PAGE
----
At Rindge, Rosenstock reduced shop hours, eliminated classes in such areas as welding, machinery, auto body, and graphic arts, and encouraged students to sample various careers through corporate internships. He convinced then-Cambridge resident Julia Child to cook with his culinary arts students, and he organized CityWorks, a program in which students wrote reports about skateboarding and dining out in Cambridge. The Museum of Science, the mayor’s office, and businesses such as Polaroid and MIT’s Draper Laboratory provided support for the school. But in 2000, three years after Rosenstock left for California, the state Department of Education withdrew approval of the Rindge and Latin program, citing a lack of compliance with voke-ed regulations. Madison Park’s 28 programs of study are now also on probation.

Stafford Peat, a vocational-education specialist who led the department’s investigation, ticks off the deficiencies at Rindge. “The shops were dark, dreary, and dank,” he says. “Equipment was well below national and state standards. Courses were being taught as electives, not as a sequence of curriculum. Some of the teachers were neither certified nor vocationally approved. There were tons of safety violations. In my mind, not a whole lot of learning going on.”

To Peat, Rosenstock turned vocational education into avocational dabbling.”Larry Rosenstock had a vision,” says Peat. “But it never connected strongly with anything. The kids might have opportunities like internships at Polaroid and Harvard, but there was no structure or sequence of study, no connection to see how it might relate to future options, like articulation agreements from a college to waive certain requirements for work they did in high school. None of that was done under Rosenstock’s watch.”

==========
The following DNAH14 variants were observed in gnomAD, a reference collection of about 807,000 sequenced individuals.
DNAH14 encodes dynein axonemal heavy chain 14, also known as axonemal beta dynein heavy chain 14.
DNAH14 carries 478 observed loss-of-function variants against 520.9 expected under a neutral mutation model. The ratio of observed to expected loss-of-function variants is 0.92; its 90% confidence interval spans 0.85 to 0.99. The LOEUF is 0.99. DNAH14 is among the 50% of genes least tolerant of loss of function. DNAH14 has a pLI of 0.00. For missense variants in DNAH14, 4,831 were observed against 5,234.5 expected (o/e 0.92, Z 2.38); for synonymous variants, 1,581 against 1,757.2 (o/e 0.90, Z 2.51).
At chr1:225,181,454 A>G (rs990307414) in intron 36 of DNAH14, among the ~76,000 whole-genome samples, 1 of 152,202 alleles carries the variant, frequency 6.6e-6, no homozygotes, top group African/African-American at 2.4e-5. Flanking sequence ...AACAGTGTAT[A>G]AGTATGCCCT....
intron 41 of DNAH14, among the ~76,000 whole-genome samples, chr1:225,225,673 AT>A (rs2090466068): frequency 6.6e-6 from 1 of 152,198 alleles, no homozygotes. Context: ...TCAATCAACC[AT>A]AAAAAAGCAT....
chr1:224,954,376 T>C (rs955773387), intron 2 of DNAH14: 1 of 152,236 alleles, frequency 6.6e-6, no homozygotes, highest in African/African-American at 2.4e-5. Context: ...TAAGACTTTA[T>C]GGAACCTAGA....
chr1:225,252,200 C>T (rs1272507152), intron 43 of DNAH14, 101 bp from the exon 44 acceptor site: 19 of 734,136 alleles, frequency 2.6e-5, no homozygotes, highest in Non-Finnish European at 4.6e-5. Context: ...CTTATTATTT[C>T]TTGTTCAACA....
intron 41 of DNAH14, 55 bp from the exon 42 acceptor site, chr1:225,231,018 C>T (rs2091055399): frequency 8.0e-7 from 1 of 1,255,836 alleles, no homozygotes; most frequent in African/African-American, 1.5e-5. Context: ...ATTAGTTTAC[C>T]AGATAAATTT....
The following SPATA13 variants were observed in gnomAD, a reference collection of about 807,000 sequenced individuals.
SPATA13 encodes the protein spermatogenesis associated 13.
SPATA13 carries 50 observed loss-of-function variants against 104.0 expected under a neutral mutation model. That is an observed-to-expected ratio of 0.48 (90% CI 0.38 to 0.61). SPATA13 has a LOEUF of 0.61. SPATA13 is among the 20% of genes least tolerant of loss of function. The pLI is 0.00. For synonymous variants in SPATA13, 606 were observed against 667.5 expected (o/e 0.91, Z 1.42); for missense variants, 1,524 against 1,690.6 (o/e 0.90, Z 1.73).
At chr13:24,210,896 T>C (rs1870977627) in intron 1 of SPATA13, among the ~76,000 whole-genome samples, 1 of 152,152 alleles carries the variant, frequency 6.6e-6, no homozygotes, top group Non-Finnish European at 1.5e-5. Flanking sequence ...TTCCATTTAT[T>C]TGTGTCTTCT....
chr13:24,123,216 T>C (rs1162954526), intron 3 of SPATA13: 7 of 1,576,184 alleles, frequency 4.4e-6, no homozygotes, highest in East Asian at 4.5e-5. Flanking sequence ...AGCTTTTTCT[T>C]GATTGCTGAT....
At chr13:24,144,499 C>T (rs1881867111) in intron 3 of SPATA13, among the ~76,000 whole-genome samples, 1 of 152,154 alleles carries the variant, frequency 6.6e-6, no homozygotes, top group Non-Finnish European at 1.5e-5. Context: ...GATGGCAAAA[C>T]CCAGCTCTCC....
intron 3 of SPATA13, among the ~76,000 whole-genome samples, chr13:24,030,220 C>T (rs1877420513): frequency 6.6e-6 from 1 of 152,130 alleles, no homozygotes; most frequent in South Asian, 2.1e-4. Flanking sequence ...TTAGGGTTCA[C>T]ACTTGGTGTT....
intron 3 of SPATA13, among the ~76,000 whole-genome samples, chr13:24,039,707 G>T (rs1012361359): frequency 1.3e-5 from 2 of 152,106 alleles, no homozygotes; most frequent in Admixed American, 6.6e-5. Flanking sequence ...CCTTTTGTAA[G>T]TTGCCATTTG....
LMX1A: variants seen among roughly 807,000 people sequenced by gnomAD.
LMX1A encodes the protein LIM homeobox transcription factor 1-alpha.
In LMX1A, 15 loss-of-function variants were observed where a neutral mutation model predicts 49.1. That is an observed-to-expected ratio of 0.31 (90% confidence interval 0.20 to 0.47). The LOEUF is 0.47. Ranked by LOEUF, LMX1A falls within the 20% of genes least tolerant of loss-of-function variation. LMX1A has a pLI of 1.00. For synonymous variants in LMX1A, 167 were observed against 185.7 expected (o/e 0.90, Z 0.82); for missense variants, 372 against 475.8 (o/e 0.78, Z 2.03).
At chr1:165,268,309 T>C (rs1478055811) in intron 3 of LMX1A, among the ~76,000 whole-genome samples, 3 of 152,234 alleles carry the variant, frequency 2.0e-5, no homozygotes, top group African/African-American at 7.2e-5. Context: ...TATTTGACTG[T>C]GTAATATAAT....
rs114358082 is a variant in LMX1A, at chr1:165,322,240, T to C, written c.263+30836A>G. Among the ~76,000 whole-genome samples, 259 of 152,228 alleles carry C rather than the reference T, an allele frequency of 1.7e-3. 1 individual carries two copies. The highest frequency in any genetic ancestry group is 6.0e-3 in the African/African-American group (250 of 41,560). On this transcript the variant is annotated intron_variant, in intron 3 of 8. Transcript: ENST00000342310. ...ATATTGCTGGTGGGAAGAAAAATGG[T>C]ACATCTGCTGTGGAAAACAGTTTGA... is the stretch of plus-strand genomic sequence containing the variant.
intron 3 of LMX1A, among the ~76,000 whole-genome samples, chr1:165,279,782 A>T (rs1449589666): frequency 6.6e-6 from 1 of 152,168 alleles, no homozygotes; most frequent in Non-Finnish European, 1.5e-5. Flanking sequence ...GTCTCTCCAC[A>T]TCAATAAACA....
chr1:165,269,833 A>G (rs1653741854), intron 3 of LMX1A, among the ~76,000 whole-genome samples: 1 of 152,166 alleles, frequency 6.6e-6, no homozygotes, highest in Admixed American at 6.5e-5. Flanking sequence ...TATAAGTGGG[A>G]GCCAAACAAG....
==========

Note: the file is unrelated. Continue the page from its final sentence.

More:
In hopes of regaining state certification, the school has hired a new vocational director, Steve Spofford, who was born on Martha’s Vineyard but has spent most of his 30-year-career as a teacher and administrator in Georgia.

“The philosophy that I have brought here is a ‘let’s get back to the basics’ kind of thing,”says Spofford. “If a kid is ever going to learn a particular skill, like carpentry, you¹ve got to give him time to do it. That’s where the difference is with this other philosophy that Larry Rosenstock might have had going here. [That] was one with ‘let’s let kids sample everything,’ touchy-feely kind of stuff.”

Voke ed and academic are converging

By e-mail, Rosenstock counters that during his time at Rindge he increased enrollment (it has since declined), brought in several million dollars in outside funding, and raised college entrance rates. And he made some enemies. “I closed some shops–an incredibly powerful way to get people angry–but added staff overall, moved the program toward an academic focus, was a bit of a maverick (‘creative noncompliance’),” he writes. “So, all in all, some liked it, some didn’t. I think the structural problems in Cambridge around class identity, curricular identity, lots of old baggage, seem to eclipse everybody. Like the pair of jeans with too many patches, sometimes you just need a new pair of jeans.”

Education that works

In most schools, vocational and otherwise, innovations are more like patches than a new pair of jeans. But in free-standing technical schools and comprehensive high schools alike, vocational and academic education are converging.

At Norfolk County Agricultural High School, Angela Avery says her school is teaming academic and vocational teachers in order to better integrate the two parts of a student’s day. She’s also started a mentoring program and a summer academy for at-risk students.